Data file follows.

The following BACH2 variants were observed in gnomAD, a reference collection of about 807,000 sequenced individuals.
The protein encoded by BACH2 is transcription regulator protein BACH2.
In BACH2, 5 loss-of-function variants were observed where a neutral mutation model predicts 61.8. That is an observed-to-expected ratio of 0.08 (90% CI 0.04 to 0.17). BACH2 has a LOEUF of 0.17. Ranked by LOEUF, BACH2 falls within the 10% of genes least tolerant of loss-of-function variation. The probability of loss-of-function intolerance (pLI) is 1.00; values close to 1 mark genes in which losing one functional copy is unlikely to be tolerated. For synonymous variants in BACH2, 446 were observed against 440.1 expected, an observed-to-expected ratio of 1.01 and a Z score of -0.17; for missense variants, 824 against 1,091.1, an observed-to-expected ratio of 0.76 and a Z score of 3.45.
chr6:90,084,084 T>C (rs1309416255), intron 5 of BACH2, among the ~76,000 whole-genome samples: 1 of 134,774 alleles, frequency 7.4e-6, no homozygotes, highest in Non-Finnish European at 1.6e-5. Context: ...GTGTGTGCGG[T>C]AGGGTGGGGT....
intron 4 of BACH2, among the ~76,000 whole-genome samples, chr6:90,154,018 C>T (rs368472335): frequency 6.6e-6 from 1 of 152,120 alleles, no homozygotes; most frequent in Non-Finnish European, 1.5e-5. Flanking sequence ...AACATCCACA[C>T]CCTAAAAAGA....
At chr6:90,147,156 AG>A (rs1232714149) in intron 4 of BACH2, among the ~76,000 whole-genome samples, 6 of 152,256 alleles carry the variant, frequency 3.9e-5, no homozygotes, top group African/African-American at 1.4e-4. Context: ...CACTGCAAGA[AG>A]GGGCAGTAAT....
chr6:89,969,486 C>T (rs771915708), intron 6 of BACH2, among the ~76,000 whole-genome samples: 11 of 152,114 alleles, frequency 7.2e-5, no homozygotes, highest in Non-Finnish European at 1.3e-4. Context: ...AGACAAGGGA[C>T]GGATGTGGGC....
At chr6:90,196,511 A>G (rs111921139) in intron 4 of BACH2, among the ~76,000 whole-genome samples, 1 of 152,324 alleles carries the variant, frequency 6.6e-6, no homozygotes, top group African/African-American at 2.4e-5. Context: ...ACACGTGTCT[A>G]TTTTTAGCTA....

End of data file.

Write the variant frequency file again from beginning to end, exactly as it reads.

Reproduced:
The following BACH2 variants were observed in gnomAD, a reference collection of about 807,000 sequenced individuals.
The protein encoded by BACH2 is transcription regulator protein BACH2.
In BACH2, 5 loss-of-function variants were observed where a neutral mutation model predicts 61.8. That is an observed-to-expected ratio of 0.08 (90% CI 0.04 to 0.17). BACH2 has a LOEUF of 0.17. Ranked by LOEUF, BACH2 falls within the 10% of genes least tolerant of loss-of-function variation. The probability of loss-of-function intolerance (pLI) is 1.00; values close to 1 mark genes in which losing one functional copy is unlikely to be tolerated. For synonymous variants in BACH2, 446 were observed against 440.1 expected, an observed-to-expected ratio of 1.01 and a Z score of -0.17; for missense variants, 824 against 1,091.1, an observed-to-expected ratio of 0.76 and a Z score of 3.45.
chr6:90,084,084 T>C (rs1309416255), intron 5 of BACH2, among the ~76,000 whole-genome samples: 1 of 134,774 alleles, frequency 7.4e-6, no homozygotes, highest in Non-Finnish European at 1.6e-5. Context: ...GTGTGTGCGG[T>C]AGGGTGGGGT....
intron 4 of BACH2, among the ~76,000 whole-genome samples, chr6:90,154,018 C>T (rs368472335): frequency 6.6e-6 from 1 of 152,120 alleles, no homozygotes; most frequent in Non-Finnish European, 1.5e-5. Flanking sequence ...AACATCCACA[C>T]CCTAAAAAGA....
At chr6:90,147,156 AG>A (rs1232714149) in intron 4 of BACH2, among the ~76,000 whole-genome samples, 6 of 152,256 alleles carry the variant, frequency 3.9e-5, no homozygotes, top group African/African-American at 1.4e-4. Context: ...CACTGCAAGA[AG>A]GGGCAGTAAT....
chr6:89,969,486 C>T (rs771915708), intron 6 of BACH2, among the ~76,000 whole-genome samples: 11 of 152,114 alleles, frequency 7.2e-5, no homozygotes, highest in Non-Finnish European at 1.3e-4. Context: ...AGACAAGGGA[C>T]GGATGTGGGC....
At chr6:90,196,511 A>G (rs111921139) in intron 4 of BACH2, among the ~76,000 whole-genome samples, 1 of 152,324 alleles carries the variant, frequency 6.6e-6, no homozygotes, top group African/African-American at 2.4e-5. Context: ...ACACGTGTCT[A>G]TTTTTAGCTA....